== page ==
Infineon Reports Strong Q3, Raises 2022 Revenue Outlook

Article By : Anne-Françoise Pelé

Despite the challenging macroeconomic and geopolitical situation, Infineon has reported another robust quarter with revenue of €3.6 billion, up 33% year-on-year.

Despite the challenging macroeconomic and geopolitical situation, Infineon has reported another robust quarter with revenue of €3.6 billion, up 10% sequentially and 33% year over year, in the third quarter of its fiscal year 2022. The Munich, Germany-based chipmaker has raised its revenue forecast for the full year 2022.

The 10% revenue growth is attributed to strong product demand, higher prices, and a favorable U.S. dollar/euro exchange rate.

Jochen Hanebeck Infineon
Jochen Hanebeck, CEO of Infineon

“In a difficult situation, Infineon is doing well*,” said Jochen Hanebeck, CEO of Infineon, during an earnings call on August 3.

“The lasting Coronavirus pandemic continues to cause restrictions on supply chains, especially in China. The war in Ukraine is leading to shortages and rising prices for energy and important raw materials. Inflation rates lead to more restrictive monetary policy on the part of the central banks. Some of these factors are dragging down economic growth.”

He continued, “Demand for some of our core consumer applications is declining, such as PCs, smartphones, televisions, domestic appliances, and battery-operated equipment. Nevertheless, the structural drivers, decarbonization and digitization, are ensuring that there’s still a high demand for semiconductors, and key applications such as automotive industry, renewable energies, data centers, and IoT remain robust.”

Automotive: Primary growth driver

In the third quarter of fiscal 2022, Infineon’s revenue continued to grow in all segments. In fact, the group recorded a segment result of €842 million, up 11% sequentially and 70% on a year-over-year basis.

The automotive segment was the primary growth driver in the third quarter. The revenue reached €1.7 billion, up 14% sequentially and 41% year over year. The segment result also improved “considerably”, as it came to €399 million and represented a segment result margin of 23.5% (vs. 21.7% in the second quarter).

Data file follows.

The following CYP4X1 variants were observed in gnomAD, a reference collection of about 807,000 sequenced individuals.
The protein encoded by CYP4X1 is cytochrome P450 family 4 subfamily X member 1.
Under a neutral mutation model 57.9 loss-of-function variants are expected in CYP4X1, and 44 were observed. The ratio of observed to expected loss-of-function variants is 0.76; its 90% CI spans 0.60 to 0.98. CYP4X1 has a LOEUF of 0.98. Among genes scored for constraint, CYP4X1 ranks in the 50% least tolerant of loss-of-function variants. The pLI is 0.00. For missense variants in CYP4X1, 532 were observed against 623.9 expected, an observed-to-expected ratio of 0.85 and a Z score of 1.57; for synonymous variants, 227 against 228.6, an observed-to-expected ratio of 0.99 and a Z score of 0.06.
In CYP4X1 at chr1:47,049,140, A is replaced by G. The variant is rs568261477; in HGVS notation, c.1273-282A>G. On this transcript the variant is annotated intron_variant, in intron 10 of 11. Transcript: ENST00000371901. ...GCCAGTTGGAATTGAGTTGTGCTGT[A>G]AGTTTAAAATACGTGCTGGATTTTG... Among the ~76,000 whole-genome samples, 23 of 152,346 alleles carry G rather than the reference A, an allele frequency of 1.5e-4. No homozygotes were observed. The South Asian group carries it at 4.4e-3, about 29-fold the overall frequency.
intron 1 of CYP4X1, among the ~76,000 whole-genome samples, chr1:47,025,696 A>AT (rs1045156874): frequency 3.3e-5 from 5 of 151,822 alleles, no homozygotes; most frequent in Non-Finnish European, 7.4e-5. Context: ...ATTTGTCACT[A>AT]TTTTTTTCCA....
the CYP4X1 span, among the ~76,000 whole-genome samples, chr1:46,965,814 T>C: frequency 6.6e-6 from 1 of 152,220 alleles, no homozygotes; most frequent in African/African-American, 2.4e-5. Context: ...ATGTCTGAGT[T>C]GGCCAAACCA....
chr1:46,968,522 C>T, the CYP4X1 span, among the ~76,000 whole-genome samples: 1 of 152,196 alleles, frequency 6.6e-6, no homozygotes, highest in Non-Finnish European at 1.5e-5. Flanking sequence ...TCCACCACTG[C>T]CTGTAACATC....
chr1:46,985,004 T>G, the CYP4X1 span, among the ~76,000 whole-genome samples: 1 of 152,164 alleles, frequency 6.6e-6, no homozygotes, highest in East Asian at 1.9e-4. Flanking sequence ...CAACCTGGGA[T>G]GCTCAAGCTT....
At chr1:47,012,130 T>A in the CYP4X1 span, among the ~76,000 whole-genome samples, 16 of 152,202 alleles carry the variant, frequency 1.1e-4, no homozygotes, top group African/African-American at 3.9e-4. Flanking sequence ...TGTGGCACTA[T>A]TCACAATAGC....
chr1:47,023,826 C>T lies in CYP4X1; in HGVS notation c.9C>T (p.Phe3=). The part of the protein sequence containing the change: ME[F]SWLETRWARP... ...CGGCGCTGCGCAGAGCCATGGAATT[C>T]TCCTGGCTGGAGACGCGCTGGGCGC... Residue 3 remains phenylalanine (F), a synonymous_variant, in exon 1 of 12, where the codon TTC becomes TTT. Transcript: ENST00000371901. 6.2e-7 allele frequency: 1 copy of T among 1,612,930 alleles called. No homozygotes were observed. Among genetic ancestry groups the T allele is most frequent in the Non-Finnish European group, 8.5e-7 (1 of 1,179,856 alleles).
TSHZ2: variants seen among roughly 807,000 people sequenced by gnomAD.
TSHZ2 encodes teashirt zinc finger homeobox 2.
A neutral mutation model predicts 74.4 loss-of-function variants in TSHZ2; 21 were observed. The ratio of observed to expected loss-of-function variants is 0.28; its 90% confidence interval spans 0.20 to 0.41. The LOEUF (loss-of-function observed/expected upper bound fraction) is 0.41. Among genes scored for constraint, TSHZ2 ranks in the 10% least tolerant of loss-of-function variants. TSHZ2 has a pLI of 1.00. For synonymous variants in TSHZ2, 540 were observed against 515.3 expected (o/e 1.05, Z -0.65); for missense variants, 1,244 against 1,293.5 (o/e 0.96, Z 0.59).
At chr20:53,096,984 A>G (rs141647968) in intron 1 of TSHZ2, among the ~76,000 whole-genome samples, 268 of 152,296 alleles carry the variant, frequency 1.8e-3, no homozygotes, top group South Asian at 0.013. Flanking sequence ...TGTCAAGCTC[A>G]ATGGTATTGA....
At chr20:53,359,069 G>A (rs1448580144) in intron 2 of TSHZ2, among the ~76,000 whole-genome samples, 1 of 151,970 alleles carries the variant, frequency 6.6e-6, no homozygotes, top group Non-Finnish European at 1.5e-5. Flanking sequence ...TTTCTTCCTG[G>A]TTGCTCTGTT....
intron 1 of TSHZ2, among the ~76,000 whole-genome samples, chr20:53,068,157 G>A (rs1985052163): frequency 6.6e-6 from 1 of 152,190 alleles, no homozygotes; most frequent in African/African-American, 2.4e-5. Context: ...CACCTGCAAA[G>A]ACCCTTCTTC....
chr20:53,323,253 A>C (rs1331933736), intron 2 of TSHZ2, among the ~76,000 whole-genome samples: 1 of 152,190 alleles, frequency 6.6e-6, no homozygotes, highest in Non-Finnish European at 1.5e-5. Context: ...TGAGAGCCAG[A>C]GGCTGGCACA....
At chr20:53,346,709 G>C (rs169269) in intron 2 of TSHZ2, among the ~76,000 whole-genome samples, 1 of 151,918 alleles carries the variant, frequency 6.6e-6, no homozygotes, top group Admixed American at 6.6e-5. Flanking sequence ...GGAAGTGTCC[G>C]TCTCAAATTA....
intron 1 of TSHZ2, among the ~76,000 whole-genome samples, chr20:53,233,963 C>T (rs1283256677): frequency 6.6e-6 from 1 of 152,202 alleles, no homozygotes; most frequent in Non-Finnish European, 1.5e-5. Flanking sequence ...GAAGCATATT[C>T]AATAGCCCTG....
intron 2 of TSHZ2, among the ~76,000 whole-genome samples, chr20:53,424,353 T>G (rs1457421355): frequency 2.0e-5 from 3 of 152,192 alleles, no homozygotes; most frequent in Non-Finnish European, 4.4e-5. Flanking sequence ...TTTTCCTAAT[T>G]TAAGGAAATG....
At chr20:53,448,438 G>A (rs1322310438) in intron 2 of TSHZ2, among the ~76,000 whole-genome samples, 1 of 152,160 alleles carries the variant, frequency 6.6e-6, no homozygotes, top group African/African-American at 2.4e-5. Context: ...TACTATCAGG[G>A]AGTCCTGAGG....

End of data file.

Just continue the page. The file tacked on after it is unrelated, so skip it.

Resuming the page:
“Additional suppliers, positive price effects, and the support of the U.S. dollar exchange rate contributed to increased revenue and profitability,” said Hanebeck, specifying that automotive production is hampered by bottlenecks over materials and delivery interruptions.

Besides Automotive, Infineon reported a significant increase in revenue in the Sensor Systems (+10% sequentially) segment, as well as a slight increase in the Industrial Power Control (+1%) and Connected Secure Systems (+2%) segments.

Revised guidance

Based on market momentum and a favorable exchange rate, Infineon said it expects to generate revenue of about €3.9 billion in the fourth quarter of fiscal 2022.

“The 8% growth in the fourth quarter will be driven by volume and price,” Hanebeck said.

For fiscal 2022, the chipmaker now anticipates revenue of €14 billion, plus or minus €500 million. This compares with the revenue forecast of €13.5 billion announced at the end of the second quarter.

“A small part of the growth, about €140 million is due to the strong U.S. dollar, the greater part comes from additional volume and, to a lesser extent, from price developments which are positive for us,” Hanebeck commented. “Annual revenue growth will probably be about 27%.”

The end of an upturn

The third quarter was characterized by solid profitability and revenue growth.

As “an indication of the unbroken demand”, Infineon said its backlog continued to rise from €37 billion at the end of March to €42 billion at the end of June.

“We can see that the imbalance between supply and demand is gradually reducing, especially for products from our own manufacturing,” said Hanebeck. “The bottlenecks are less pronounced, the lead times are stabilizing.”

During the press conference, however, Hanebeck suggested several times that we are nearing the end of a long upturn. Does this foreshadow an economic stagnation? How can Infineon prepare for this?

“With the deterioration in demand for some markets, in particular consumer markets, we are vigilant,” Hanebeck said. “Watching out for early signs in sight and movements in our markets, we are prepared to react promptly. Nevertheless, we see robust dynamism in the most important fields of application: the automotive industry, renewable energies, data centers, and the Internet of Things. Supply is gradually improving, but it is still far from enough to satisfy the strong consumer demand.”

He later confirmed, “It appears that we are approaching the end of a long upswing. It will be particularly important to keep a close eye on early indicators and to react promptly.”

Infineon confirmed its intention to invest about €2.4 billion until the end of September.

 


The press conference was in German. An interpreter translated Hanebeck’s introductory speech and the Q&A session from German into English.


This article was originally published on EE Times Europe.

Anne-Françoise Pelé is editor-in-chief of eetimes.eu and EE Times Europe.

 

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